DIRECTOR’S NOTES: The Oldest Profession

|||DIRECTOR’S NOTES: The Oldest Profession

DIRECTOR’S NOTES: The Oldest Profession

2012-01-17T15:12:01+00:00 January 17, 2012|Director's Notes|

by CELIA FRANK, director of The Oldest Profession

Three decades ago, Paula Vogel conceived a play about five “seasoned” hookers sitting on a bench near the Broadway and 72nd Street subway station. The result was THE OLDEST PROFESSION, a mix of a send-up of supply side economics before and after Ronald Reagan’s election and the power of food and music and friendship to help us through life. This play’s political implications are likely to feel up-to-date for people struggling with today’s tough job market, as Vogel’s Midtown Manhattan hookers are faced with younger, drug-addicted competitors.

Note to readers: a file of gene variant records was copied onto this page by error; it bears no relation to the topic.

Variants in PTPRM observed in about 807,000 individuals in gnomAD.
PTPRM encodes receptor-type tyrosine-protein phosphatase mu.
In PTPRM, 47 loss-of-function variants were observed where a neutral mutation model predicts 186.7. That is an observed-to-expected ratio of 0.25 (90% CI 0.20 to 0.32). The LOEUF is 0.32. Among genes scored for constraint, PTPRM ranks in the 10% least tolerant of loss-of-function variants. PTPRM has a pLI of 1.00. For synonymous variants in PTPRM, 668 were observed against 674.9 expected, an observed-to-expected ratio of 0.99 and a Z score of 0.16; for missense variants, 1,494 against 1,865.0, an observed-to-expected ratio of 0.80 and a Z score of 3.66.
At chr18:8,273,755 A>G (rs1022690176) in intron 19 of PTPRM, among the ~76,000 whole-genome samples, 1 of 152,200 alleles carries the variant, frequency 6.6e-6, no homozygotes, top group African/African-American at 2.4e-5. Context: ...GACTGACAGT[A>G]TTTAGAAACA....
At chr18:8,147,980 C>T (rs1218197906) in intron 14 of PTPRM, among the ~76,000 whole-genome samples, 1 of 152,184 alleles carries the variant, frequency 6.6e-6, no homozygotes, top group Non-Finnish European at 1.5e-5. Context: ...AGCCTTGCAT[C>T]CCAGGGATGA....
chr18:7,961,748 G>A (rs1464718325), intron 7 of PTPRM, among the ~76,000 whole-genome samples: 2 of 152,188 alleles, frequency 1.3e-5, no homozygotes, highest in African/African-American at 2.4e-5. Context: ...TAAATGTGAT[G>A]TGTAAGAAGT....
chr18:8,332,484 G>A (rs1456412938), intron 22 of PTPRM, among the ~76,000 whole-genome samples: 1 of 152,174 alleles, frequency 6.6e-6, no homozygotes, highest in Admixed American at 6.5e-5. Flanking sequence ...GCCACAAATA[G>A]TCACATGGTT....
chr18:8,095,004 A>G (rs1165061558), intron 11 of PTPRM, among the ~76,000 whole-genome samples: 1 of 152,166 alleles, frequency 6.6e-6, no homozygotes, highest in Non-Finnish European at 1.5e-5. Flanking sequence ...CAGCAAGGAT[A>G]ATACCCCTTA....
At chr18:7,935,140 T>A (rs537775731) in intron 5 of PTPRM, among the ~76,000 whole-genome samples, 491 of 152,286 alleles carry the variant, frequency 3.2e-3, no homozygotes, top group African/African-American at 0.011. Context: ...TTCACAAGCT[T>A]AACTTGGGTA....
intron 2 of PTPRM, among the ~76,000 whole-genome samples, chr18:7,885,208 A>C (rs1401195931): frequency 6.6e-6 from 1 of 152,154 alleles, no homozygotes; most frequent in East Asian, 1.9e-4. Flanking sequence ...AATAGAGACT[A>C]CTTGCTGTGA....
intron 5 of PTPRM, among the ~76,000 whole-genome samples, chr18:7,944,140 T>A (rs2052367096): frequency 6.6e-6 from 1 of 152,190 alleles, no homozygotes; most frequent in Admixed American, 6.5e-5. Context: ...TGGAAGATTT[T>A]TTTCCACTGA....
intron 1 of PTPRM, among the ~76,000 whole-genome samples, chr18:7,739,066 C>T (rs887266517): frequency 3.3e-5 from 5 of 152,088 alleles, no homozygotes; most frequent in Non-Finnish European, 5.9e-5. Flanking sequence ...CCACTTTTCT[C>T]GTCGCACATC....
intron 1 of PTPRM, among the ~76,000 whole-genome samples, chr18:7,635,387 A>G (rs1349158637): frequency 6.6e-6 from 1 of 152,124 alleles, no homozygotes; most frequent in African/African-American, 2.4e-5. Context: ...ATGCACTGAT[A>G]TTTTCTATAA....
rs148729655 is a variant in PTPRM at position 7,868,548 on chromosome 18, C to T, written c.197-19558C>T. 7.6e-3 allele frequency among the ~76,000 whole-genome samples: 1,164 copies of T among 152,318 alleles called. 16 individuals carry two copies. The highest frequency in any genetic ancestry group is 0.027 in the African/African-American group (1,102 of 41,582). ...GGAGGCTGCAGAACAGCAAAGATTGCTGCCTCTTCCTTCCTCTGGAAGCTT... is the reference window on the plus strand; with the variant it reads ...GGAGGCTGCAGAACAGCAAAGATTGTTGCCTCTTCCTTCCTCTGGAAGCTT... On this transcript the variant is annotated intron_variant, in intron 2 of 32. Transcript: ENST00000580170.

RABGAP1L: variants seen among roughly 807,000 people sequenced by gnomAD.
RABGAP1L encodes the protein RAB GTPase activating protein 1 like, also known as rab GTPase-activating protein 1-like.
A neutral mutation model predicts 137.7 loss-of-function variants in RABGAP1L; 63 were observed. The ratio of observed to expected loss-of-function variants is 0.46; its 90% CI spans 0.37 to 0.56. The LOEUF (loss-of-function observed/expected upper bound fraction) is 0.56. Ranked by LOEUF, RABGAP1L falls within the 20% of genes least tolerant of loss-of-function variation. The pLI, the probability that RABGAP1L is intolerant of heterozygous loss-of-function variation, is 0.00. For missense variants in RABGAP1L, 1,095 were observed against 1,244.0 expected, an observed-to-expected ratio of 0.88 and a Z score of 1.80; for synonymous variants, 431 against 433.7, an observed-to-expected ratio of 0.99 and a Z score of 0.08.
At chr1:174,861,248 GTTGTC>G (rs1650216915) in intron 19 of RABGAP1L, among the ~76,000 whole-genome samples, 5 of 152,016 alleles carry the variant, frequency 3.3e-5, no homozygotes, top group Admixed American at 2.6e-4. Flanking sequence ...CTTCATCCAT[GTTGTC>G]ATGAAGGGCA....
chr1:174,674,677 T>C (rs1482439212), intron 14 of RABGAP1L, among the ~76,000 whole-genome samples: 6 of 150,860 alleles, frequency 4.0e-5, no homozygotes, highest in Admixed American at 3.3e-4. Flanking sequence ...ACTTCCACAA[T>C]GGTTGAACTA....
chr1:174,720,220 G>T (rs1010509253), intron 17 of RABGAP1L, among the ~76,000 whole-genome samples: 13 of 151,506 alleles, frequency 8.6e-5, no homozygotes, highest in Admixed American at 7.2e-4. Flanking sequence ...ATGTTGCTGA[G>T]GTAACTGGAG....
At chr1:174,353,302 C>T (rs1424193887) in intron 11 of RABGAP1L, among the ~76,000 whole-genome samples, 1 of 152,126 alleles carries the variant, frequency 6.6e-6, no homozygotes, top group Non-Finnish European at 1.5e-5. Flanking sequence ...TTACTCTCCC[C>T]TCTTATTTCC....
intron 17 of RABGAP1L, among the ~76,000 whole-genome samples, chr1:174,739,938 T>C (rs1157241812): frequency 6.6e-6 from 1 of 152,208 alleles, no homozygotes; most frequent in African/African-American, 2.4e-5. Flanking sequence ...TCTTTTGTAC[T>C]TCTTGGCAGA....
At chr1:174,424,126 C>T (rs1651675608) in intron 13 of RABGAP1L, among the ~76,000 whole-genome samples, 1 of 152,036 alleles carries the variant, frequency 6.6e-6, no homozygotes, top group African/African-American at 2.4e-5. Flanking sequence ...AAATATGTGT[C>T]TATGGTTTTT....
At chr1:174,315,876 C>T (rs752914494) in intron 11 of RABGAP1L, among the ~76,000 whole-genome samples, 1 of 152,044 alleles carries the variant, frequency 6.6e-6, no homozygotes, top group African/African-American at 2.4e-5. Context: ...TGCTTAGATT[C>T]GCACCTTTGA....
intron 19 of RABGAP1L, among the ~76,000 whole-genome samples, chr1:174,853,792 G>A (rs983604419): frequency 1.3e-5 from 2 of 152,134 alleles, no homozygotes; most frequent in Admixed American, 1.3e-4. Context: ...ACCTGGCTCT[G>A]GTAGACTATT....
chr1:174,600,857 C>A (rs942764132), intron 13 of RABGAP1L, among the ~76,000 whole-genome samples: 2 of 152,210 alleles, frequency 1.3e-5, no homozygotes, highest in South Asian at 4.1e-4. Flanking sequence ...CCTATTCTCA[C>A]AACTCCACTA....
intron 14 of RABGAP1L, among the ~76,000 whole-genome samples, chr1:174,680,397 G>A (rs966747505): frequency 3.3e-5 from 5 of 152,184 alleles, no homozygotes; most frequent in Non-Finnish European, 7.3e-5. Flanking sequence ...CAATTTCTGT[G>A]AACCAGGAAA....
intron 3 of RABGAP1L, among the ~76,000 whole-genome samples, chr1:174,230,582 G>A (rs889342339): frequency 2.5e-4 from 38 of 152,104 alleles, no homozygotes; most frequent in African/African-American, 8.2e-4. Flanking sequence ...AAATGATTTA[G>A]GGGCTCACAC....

Paula Vogel describes THE OLDEST PROFESSION as her only pattern play. This means a structure which moves a story forward through variations on a particular situation or experience — we have six scenes, each beginning on the park bench and updating us on the five shady ladies’ situation. Their enterprise not only continues to lose customers, but its own members. And so, the five become four, then three, then two until only one is left, and the park bench scene openings are book-ended with a song from the last departed in route to a facsimile of the New Orleans bordello where all five got their start.